It was several terrifying minutes of hell in the house of God.
Many of the victims of the Sunday massacre — the 25 people and an unborn child — will be laid to rest this weekend and next week, CNN affiliate KSAT reported.
The First Baptist Church, now pocked with hundreds of bullets, stained with blood and shattered windows, has been rendered uninhabitable. Video from inside the church showed that the gunfire had lasted about seven minutes, said an official briefed on the case, according to The New York Times. The building is now surrounded by a tall, dark fence.
The church plans to hold a Sunday service at a community center next door, organized by pastors from around the area. Frank Pomeroy, the pastor of First Baptist Church, is scheduled to speak.
He told Southern Baptist Convention executives that his preference would be to tear down the building and possibly build a memorial in its place.
“This was just the pastor discussing what he thinks [the] best case scenario would be,” Roger Oldham, spokesman for the Southern Baptist Convention said. “But the church has to make the decision together to tear down the church.”
Executives from the network of churches are in Sutherland Springs to help the surviving members of First Baptist and the community heal from the tragedy.
“Everything is in such grief mode right now in this church [that] these decisions will have to unfold as they come for the people there. It will be in their own timeline,” Oldham said.
Charlene Uhl lost her 16-year-old daughter, Haley Krueger, who had loved going to the church and attended youth group there twice a week.
“I think the church should be held elsewhere,” Uhl told Spectrum News, a CNN affiliate. “Still have the church, but this particular one be gone.”
In previous mass shootings, decisions on what to do with the site have varied.
Sandy Hook Elementary School where 20 children and six staff were killed, was razed to make way for a new school that opened in 2016. The Pulse in Orlando, in which 49 people were killed at the LGBT nightclub, is to be turned into a memorial, the owner had said.
The Emanuel African Methodist Episcopal Church in Charleston re-opened its venerable structure days after nine people were killed in a racially motivated shooting.
White crosses stand near the church in memory of the victims as well-wishers and community members stopped to pray, and left behind flowers and messages of love.
The small church was an anchor in the unincorporated community, which lies about 30 miles east of San Antonio. It’s where neighbors sang hymns, shared their lives and prayed for each other.
The 25 victims have been identified:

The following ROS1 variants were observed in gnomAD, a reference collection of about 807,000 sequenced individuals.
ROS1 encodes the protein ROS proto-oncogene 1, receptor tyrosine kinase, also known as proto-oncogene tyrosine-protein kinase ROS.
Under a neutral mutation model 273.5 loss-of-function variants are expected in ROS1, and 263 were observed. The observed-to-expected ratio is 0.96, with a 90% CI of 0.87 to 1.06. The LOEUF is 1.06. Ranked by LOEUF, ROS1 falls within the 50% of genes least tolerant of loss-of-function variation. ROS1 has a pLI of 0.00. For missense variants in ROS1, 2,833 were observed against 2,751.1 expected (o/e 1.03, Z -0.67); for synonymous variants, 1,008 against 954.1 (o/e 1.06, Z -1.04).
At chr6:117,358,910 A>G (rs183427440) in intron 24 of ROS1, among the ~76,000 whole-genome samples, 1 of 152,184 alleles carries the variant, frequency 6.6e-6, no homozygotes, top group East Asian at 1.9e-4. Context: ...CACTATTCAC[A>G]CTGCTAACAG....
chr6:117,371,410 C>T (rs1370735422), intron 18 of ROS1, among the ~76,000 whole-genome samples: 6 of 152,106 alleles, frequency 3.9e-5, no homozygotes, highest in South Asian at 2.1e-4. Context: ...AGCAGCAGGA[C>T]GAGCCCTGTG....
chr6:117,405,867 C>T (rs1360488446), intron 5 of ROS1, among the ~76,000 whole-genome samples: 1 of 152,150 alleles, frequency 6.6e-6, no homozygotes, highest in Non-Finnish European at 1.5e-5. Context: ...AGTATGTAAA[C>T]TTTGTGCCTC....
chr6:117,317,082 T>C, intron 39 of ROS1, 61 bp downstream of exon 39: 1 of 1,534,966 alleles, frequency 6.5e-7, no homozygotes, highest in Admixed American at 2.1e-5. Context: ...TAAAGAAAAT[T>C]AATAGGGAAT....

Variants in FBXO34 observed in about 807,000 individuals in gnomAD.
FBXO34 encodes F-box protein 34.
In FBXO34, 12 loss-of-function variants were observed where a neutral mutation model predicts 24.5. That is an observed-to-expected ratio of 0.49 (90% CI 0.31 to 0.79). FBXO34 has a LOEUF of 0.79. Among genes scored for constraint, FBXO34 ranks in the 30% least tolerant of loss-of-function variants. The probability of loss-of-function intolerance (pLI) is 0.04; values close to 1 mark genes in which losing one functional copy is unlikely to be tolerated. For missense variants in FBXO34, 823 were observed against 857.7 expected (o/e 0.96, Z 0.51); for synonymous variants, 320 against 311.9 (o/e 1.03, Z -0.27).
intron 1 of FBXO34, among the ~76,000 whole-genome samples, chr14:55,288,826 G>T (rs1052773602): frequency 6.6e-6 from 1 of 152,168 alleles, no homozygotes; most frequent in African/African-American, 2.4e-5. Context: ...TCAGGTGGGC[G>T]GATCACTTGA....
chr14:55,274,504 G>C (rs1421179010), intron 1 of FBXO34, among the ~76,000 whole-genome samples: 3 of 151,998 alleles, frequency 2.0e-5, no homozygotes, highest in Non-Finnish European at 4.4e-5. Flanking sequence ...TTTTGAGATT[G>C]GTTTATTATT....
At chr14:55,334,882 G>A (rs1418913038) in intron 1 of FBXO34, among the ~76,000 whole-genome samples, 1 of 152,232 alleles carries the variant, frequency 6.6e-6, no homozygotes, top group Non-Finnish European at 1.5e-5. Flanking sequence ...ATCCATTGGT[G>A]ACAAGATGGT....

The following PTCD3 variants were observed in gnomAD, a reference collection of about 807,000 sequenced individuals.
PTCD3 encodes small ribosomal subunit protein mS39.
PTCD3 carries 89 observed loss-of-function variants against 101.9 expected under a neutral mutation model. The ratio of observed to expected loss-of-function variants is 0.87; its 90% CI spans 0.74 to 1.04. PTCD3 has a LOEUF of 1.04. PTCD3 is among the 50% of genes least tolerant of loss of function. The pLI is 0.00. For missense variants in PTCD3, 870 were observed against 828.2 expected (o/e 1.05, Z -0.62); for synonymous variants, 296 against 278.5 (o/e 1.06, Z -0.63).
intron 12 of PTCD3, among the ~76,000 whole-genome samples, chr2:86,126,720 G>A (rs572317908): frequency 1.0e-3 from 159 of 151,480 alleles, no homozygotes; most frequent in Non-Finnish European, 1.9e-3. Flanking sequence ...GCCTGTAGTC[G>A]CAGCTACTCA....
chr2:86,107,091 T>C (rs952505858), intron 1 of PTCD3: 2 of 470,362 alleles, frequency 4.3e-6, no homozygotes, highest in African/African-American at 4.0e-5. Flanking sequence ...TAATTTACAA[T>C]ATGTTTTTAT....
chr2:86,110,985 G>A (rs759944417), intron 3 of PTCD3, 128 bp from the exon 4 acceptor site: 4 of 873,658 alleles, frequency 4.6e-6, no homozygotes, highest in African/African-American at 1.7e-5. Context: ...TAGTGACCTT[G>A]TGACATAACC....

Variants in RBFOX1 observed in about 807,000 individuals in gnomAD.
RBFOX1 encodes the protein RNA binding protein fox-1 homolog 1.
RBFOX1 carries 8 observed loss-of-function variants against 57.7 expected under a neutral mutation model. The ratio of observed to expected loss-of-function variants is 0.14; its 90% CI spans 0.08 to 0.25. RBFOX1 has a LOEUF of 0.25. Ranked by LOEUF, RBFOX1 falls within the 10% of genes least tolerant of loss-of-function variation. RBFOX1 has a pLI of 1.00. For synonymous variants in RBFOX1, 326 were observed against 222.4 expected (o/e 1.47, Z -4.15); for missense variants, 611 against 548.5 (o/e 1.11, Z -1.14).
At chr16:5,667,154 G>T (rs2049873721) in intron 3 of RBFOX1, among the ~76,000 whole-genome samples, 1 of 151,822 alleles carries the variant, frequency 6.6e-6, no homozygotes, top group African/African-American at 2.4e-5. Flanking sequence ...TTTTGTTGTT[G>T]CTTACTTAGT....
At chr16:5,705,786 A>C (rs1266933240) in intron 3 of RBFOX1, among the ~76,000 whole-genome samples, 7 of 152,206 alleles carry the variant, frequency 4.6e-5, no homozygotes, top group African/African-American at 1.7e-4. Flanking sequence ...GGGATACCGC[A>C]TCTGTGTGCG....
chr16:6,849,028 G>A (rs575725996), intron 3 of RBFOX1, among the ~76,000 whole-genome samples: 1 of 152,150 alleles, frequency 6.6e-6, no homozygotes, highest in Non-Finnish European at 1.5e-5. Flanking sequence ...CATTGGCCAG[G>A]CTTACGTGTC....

Robert Marshall, 56; Karen Marshall, 56; Keith Braden, 62; Tara McNulty, 33; Annabelle Pomeroy, 14; Peggy Warden, 56; Dennis Johnson, Sr., 77; Sara Johnson, 68; Lula White, 71; Joann Ward, 30; Brooke Ward, 5; Robert Corrigan, 51; Shani Corrigan, 51; Therese Rodriguez, 66; Ricardo Rodriguez, 64; Haley Krueger, 16; Emily Garcia, 7; Emily Hill, 11; Gregory Hill, 13; Megan Hill, 9; Marc Holcombe, 36, Noah Holcombe, 1; Karla Holcombe, 58; John Holcombe, 60; Crystal Holcombe, 36, who was pregnant and her unborn child, Carlin Holcombe, according to the Texas Department of Public Safety.
The gunman’s troubled history
The gunman, Devin Kelley had a troubled past and was prone to domestic violence and animal cruelty, according to public records and those who knew him.
As an airman in New Mexico, he was convicted in military court in 2012 of assaulting his then-wife and stepson. While awaiting that military trial, he escaped from a New Mexico mental health facility where he had been confined.
The Air Force acknowledged it did not appropriately relay Kelley’s court martial conviction for domestic assault to civilian law enforcement, as required, preventing the conviction from showing up in a federal database that licensed gun dealers must check before someone can buy a firearm.
Kelley posted on social media about his rifle and his affinity for mass shootings. A neighbor of his said that in the week before the shooting, he heard gunshots coming from Kelley’s property every morning.
He had an ongoing dispute with his in-laws from his current marriage, who attended the Sutherland Springs church, police say. Kelley’s grandmother-in-law was among those killed. And police say Kelley had a history of texting threats to his mother-in-law, who was not inside the church during Sunday’s shooting.